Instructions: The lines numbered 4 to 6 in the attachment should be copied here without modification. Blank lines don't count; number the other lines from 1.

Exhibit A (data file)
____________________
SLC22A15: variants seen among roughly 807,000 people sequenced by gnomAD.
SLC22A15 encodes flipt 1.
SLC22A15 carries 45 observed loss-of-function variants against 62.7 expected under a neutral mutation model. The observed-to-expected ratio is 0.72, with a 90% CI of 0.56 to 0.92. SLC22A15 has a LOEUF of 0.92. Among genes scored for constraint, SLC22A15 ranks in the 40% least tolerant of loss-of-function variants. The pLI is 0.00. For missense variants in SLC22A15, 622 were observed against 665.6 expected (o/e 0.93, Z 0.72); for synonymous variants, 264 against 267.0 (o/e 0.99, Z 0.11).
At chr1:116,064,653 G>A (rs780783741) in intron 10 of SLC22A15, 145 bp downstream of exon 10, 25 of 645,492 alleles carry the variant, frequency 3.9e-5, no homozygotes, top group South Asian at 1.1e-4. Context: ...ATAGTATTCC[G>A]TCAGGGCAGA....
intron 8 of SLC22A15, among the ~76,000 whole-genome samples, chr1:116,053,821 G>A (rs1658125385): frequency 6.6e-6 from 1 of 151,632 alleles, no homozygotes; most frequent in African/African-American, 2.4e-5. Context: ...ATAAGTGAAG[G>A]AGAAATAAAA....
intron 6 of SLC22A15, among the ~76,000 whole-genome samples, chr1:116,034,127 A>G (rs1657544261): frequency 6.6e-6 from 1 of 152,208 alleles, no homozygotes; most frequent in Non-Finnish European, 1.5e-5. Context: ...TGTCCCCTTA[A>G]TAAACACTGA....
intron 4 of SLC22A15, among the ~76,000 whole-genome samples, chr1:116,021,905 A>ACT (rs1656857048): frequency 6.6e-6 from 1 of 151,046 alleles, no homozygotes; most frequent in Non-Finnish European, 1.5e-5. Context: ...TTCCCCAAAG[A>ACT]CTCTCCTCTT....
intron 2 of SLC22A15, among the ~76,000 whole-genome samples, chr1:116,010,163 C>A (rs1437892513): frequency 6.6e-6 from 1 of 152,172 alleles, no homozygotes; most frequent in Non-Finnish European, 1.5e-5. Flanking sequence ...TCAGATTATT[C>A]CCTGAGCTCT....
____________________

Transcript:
At chr1:116,064,653 G>A (rs780783741) in intron 10 of SLC22A15, 145 bp downstream of exon 10, 25 of 645,492 alleles carry the variant, frequency 3.9e-5, no homozygotes, top group South Asian at 1.1e-4. Context: ...ATAGTATTCC[G>A]TCAGGGCAGA....
intron 8 of SLC22A15, among the ~76,000 whole-genome samples, chr1:116,053,821 G>A (rs1658125385): frequency 6.6e-6 from 1 of 151,632 alleles, no homozygotes; most frequent in African/African-American, 2.4e-5. Context: ...ATAAGTGAAG[G>A]AGAAATAAAA....
intron 6 of SLC22A15, among the ~76,000 whole-genome samples, chr1:116,034,127 A>G (rs1657544261): frequency 6.6e-6 from 1 of 152,208 alleles, no homozygotes; most frequent in Non-Finnish European, 1.5e-5. Context: ...TGTCCCCTTA[A>G]TAAACACTGA....